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    Ballistic Tips
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    Number 11 Ballistic Tip load went vertical like crazy then I shot three loads of the spire points. By then the wind was shaking the target racks and loose objects were blowing off the bench. The two groups show a little promise subtracting the wild shots. I fired one 95 (#12) grain load and the impact was too far off to mess with. Maybe another day.
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  • @bigfoot
    I have to make a correction. The three Hornady 129 grain Interlock loads were charged with I4350 not H4350. The rest are correct, sorry. H sure is more popular and the two have their own load data.



  • The pinholes that appeared in Winchester primers that I was using seems to be a manufacturing defect. I wrote down the lot numbers and googled then came across some chatter on a website Called The Handloaders Bench with a list of numbers in a recall for the same problem I had. I have used almost 300 out of one box and lucky me that box is on the list. I have another thousand with a different number that I couldn't find on the list so I guess I will use them and destroy the rest. Comparing the two different lots the supposedly good ones are a different color like a shiny brass. The others are dingy, must have made them out of substandard metal. The numbers were released in 2018 but I have no idea the manufacturing date of either box of primers. One could have been bought around six or seven years ago but the good one I have was bought last year for sure.



  • I had problems with the Winchester LRP a few years ago.
    Pierced the edges and fire cut the bolt face on my .308. Sent pictures and lot #s to Winchester and never heard back from them.....
    No longer a customer and started buying Lapua .308 small primer brass.
    The good ones were, as you said, like shiny brass and the pin holers were more coppery colored.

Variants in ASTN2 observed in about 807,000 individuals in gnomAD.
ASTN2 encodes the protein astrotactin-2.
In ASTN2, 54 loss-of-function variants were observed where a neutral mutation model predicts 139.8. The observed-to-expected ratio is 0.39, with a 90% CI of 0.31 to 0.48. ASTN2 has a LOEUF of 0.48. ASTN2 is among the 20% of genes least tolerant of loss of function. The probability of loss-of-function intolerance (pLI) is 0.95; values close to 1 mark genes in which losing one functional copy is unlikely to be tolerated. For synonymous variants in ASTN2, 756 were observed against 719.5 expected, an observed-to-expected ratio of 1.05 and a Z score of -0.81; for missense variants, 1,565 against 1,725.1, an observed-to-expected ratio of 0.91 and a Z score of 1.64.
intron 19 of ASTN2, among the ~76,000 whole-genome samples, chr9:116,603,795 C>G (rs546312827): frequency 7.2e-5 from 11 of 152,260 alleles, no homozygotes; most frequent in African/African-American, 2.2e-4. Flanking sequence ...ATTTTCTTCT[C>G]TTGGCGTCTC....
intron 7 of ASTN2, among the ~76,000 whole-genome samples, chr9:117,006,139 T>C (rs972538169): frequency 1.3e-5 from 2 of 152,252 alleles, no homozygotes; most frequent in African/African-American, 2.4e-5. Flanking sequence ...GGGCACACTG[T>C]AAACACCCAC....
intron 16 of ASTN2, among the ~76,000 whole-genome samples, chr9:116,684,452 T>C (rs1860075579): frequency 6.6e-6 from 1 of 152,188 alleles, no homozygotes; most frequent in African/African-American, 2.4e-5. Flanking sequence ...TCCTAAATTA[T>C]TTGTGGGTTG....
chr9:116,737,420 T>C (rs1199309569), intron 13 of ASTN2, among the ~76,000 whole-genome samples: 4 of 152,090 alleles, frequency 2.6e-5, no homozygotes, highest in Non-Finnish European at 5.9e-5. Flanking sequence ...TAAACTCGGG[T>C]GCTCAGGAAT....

Towards bottom of page...
    https://forums.gunhive.com/topic/657/understanding-pressure/10



  • @mamalukino
    I didn't know there was any trouble with Winchester but I do now. They were about all that was available locally and I just got into this box a while back so I have a hundred or so 7x57 Mauser primed cases I need to punch back out and see what else I put them in. I have shot a few also, so it's not too bad. Sure jacked up the bolt face. I contacted Winchester regarding some 22 magnum they sell that were splitting and never heard back. I sent pictures and receipts from Academy and nada. I have eight boxes sitting on a shelf I guess I will deep six with the primers. I hope pistol primers are ok, that's all I have is Winchester.



  • I will not buy anything from them.
    They were apparently aware of the problem and ignored their customers that had problems using their crap.



  • @mamalukino
    I have a box of 1000 Federal Gold Medal Match I just bought and like a dummy passed on some at that estate sale I went to. I paid $65.00 for these and they had a mountain of them for $25.00/1000. Picked up one brick of small rifle GMM there for $20.00. With the humidity here I don't care to store a load of them even in ammo cans with desiccant packs. Some people keep them forever in coffee cans, don't know if I'm that lucky.



  • I know humidity. I am 150 yards off the ocean and 65 yards to the Iao river. I keep my primers in 50 cal ammo cans with desiccant without any problems.
    Back in 1992 Hurricane Inicki devastated Kauai, many homes destroyed.
    A good friend of mine lived upon a hill and his home was totally destroyed, scattering all kinds of debris including primers. The street was literally covered with soaking wet primers for days. Once it dried up and the clearing began, equipment was brought in to clean up the destroyed homes. Cats of all sizes, were put into use and when they reached David's street they started running over and popping primers! The street was subsequently closed down and a hazmat team was called in to get rid of the primers. David and some of our gang cleaned up and saved as much as they could before being chased off. After all that David saved the primers and dried them out and used them even in high power matches. As far as I know not a dud in the bunch! Anyway 90%+ of those were Winchester primers and David swore by them due to that hurricane experience.